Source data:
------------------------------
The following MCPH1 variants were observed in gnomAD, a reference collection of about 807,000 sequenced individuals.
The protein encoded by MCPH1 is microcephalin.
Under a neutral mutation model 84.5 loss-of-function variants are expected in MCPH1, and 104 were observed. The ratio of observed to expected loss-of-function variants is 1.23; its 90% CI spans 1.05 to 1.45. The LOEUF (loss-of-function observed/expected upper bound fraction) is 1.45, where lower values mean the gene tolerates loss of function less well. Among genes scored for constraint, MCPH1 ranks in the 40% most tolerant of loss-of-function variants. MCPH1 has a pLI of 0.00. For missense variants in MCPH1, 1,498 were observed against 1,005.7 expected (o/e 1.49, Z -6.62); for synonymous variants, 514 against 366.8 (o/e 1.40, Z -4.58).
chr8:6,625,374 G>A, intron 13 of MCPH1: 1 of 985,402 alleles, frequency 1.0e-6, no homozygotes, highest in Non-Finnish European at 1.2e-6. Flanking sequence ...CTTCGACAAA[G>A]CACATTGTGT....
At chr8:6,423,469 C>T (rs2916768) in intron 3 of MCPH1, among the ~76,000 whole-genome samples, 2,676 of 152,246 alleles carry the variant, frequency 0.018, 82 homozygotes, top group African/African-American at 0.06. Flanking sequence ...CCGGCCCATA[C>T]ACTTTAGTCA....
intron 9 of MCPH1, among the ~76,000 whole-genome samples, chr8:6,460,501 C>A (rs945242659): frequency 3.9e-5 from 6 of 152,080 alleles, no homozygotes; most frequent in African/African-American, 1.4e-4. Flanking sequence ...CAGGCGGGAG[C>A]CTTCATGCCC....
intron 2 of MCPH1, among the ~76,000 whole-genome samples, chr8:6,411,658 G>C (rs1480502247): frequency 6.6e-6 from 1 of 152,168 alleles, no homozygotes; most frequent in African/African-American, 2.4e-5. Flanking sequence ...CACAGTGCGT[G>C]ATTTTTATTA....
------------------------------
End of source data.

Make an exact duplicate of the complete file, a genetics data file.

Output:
The following MCPH1 variants were observed in gnomAD, a reference collection of about 807,000 sequenced individuals.
The protein encoded by MCPH1 is microcephalin.
Under a neutral mutation model 84.5 loss-of-function variants are expected in MCPH1, and 104 were observed. The ratio of observed to expected loss-of-function variants is 1.23; its 90% CI spans 1.05 to 1.45. The LOEUF (loss-of-function observed/expected upper bound fraction) is 1.45, where lower values mean the gene tolerates loss of function less well. Among genes scored for constraint, MCPH1 ranks in the 40% most tolerant of loss-of-function variants. MCPH1 has a pLI of 0.00. For missense variants in MCPH1, 1,498 were observed against 1,005.7 expected (o/e 1.49, Z -6.62); for synonymous variants, 514 against 366.8 (o/e 1.40, Z -4.58).
chr8:6,625,374 G>A, intron 13 of MCPH1: 1 of 985,402 alleles, frequency 1.0e-6, no homozygotes, highest in Non-Finnish European at 1.2e-6. Flanking sequence ...CTTCGACAAA[G>A]CACATTGTGT....
At chr8:6,423,469 C>T (rs2916768) in intron 3 of MCPH1, among the ~76,000 whole-genome samples, 2,676 of 152,246 alleles carry the variant, frequency 0.018, 82 homozygotes, top group African/African-American at 0.06. Flanking sequence ...CCGGCCCATA[C>T]ACTTTAGTCA....
intron 9 of MCPH1, among the ~76,000 whole-genome samples, chr8:6,460,501 C>A (rs945242659): frequency 3.9e-5 from 6 of 152,080 alleles, no homozygotes; most frequent in African/African-American, 1.4e-4. Flanking sequence ...CAGGCGGGAG[C>A]CTTCATGCCC....
intron 2 of MCPH1, among the ~76,000 whole-genome samples, chr8:6,411,658 G>C (rs1480502247): frequency 6.6e-6 from 1 of 152,168 alleles, no homozygotes; most frequent in African/African-American, 2.4e-5. Flanking sequence ...CACAGTGCGT[G>C]ATTTTTATTA....